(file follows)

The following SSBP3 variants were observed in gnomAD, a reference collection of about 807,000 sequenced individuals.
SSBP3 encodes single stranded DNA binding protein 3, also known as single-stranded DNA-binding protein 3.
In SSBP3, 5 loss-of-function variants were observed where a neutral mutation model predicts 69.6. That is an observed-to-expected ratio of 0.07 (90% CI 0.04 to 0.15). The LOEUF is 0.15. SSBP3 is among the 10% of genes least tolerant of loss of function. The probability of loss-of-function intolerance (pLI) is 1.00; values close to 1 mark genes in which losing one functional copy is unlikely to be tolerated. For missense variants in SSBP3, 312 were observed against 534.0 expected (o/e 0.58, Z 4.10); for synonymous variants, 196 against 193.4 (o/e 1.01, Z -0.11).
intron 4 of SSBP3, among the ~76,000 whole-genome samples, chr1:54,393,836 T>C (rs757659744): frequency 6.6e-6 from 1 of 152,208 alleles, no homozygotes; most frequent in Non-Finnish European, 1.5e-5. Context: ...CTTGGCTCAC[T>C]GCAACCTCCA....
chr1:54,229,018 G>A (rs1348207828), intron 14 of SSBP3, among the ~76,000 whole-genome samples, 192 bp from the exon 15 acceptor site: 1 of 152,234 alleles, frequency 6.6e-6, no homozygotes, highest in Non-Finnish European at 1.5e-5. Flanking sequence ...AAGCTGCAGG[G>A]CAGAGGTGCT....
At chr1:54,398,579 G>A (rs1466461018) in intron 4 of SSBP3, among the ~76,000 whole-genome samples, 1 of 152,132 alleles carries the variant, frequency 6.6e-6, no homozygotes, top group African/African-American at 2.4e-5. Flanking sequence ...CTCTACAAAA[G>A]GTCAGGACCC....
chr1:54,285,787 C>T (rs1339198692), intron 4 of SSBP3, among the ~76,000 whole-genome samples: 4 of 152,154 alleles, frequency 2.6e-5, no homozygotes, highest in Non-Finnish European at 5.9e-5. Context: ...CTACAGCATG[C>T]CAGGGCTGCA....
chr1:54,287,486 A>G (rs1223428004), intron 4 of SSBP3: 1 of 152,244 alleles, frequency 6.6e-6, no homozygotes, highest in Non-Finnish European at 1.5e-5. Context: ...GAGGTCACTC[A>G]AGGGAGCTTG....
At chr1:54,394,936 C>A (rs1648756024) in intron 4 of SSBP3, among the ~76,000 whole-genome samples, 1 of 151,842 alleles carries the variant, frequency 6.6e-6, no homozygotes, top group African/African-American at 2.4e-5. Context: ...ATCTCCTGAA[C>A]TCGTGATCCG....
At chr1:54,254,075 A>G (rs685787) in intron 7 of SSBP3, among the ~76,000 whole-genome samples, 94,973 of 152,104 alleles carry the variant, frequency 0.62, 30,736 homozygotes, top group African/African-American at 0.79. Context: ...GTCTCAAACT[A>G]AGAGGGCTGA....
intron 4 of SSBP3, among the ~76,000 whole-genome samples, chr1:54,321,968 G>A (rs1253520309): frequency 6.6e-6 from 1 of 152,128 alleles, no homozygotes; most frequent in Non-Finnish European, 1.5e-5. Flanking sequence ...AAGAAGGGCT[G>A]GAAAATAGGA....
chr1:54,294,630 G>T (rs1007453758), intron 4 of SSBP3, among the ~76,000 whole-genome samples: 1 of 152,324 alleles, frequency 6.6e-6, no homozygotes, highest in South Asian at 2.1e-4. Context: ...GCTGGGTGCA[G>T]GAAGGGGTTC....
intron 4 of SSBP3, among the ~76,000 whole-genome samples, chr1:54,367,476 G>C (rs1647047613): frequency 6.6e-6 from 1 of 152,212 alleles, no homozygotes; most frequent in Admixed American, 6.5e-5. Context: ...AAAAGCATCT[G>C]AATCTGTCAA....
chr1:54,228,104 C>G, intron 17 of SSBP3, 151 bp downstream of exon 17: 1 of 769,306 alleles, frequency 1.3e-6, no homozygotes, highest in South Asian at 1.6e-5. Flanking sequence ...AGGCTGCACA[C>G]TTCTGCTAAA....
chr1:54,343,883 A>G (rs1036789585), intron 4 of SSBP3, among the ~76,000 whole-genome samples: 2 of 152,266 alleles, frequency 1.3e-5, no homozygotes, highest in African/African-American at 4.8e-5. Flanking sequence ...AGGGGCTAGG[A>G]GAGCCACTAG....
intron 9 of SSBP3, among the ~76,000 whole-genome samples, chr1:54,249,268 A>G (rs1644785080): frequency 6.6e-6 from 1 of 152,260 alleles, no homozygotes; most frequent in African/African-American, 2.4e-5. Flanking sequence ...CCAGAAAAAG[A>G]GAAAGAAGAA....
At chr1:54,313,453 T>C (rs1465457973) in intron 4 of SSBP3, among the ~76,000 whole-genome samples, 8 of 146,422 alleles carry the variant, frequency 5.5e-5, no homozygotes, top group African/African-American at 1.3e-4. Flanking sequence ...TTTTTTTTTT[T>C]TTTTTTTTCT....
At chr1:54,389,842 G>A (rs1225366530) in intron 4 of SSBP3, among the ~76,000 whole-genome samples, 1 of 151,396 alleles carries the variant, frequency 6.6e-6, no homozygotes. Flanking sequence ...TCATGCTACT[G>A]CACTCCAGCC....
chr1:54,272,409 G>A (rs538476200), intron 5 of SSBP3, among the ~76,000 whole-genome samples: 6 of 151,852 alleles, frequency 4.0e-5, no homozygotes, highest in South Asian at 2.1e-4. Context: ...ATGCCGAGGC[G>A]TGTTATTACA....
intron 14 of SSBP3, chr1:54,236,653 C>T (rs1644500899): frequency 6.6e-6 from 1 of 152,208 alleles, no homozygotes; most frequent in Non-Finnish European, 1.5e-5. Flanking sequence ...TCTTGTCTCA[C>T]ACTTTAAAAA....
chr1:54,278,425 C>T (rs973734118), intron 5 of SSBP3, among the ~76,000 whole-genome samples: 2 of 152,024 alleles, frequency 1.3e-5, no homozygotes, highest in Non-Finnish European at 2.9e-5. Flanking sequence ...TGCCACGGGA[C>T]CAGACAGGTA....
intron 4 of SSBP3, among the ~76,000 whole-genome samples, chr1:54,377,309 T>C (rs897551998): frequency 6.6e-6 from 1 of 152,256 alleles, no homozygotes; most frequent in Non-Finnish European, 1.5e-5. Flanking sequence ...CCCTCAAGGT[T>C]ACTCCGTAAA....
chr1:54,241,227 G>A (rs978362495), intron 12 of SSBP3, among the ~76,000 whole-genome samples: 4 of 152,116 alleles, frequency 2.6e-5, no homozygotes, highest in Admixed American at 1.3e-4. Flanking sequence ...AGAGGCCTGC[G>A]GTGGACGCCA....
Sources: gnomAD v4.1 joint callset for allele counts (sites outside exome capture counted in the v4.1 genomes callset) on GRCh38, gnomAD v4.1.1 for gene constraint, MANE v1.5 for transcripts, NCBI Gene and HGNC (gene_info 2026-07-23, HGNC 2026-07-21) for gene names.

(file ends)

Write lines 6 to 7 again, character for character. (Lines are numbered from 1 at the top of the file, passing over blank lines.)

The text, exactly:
At chr1:54,398,579 G>A (rs1466461018) in intron 4 of SSBP3, among the ~76,000 whole-genome samples, 1 of 152,132 alleles carries the variant, frequency 6.6e-6, no homozygotes, top group African/African-American at 2.4e-5. Flanking sequence ...CTCTACAAAA[G>A]GTCAGGACCC....
chr1:54,285,787 C>T (rs1339198692), intron 4 of SSBP3, among the ~76,000 whole-genome samples: 4 of 152,154 alleles, frequency 2.6e-5, no homozygotes, highest in Non-Finnish European at 5.9e-5. Context: ...CTACAGCATG[C>T]CAGGGCTGCA....